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August 1996

Corticosteroid Therapy of Eye Disease: Fifty Years Later

Author Affiliations

Boston, Mass

Arch Ophthalmol. 1996;114(8):1000-1001. doi:10.1001/archopht.1996.01100140208016

It IS HARD TO IMAGINE the practice of ophthalmology without corticosteroids. Fifty years ago the treatment options for uveitis included atropine drops, oral salicylates, direct application of heat to the eye, and induction of fever with typhoid vaccine or other proteins. Then, in 1949, Hench and associates1 described the beneficial effects of adrenocorticotropic hormone (ACTH) and cortisone in the treatment of rheumatoid arthritis. Within months of this seminal article it was clear that these drugs could help control ocular inflammation, and case reports began to appear. To read these articles is to share in the excitement and promise of a new era.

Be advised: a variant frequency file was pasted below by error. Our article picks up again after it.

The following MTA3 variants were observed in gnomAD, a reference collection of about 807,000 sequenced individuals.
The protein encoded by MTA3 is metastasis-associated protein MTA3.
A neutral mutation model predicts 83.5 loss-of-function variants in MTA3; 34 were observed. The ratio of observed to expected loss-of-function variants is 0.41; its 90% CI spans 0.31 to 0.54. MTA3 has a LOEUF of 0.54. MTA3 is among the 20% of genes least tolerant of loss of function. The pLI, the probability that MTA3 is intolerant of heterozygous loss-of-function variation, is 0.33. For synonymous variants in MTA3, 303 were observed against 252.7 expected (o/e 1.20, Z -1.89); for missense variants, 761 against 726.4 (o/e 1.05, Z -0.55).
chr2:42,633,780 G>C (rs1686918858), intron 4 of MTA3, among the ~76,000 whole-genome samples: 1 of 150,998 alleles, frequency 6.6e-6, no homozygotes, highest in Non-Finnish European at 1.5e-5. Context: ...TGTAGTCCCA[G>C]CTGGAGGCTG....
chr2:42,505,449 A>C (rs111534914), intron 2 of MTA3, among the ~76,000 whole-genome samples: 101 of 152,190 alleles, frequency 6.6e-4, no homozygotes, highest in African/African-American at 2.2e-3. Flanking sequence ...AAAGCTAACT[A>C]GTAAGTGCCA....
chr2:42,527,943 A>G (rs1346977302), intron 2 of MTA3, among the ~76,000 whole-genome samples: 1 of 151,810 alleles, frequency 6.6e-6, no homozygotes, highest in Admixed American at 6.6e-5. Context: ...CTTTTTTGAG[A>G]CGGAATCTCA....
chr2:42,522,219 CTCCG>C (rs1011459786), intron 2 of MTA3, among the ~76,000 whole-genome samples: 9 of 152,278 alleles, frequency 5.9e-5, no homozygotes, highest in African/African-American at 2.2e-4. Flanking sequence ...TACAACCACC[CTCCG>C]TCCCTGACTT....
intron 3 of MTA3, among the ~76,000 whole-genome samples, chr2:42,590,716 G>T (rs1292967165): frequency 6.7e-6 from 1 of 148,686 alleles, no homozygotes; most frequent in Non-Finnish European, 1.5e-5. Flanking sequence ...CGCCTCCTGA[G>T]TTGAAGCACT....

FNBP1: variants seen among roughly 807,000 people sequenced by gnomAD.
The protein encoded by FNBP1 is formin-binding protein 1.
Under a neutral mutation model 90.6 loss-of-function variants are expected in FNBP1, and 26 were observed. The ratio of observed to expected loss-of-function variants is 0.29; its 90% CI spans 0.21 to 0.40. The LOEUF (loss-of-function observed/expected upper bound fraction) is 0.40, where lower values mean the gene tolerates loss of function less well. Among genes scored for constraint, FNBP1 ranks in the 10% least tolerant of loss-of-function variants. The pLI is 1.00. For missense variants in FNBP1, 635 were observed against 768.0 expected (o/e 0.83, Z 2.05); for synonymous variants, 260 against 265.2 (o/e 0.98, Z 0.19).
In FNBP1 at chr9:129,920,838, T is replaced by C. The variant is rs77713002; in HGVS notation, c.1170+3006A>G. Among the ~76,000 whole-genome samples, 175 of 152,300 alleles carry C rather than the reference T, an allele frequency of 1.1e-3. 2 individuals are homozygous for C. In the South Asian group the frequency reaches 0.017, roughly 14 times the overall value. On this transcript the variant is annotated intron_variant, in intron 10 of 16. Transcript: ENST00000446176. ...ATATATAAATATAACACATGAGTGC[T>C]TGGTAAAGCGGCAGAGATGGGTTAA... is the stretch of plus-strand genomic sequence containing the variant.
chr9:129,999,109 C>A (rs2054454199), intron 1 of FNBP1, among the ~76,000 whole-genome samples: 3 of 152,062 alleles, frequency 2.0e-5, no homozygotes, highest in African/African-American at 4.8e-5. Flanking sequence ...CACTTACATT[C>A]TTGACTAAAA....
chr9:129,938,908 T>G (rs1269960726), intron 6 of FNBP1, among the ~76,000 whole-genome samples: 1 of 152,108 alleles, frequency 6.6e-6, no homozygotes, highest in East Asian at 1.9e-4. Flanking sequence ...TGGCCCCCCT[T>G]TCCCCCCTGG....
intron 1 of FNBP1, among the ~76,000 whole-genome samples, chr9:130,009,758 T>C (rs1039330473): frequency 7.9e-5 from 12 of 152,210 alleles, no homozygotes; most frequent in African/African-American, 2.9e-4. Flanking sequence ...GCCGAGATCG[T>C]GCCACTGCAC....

In 1949, Elkinton and associates2 described improvement of hemorrhagic retinopathy in a patient treated with ACTH for "generalized collagen disease." Three separate reports soon followed. Mann and Markson3 successfully controlled a patient's uveitis and episcleritis with ACTH therapy. Gordon and McLean4 described transient improvement

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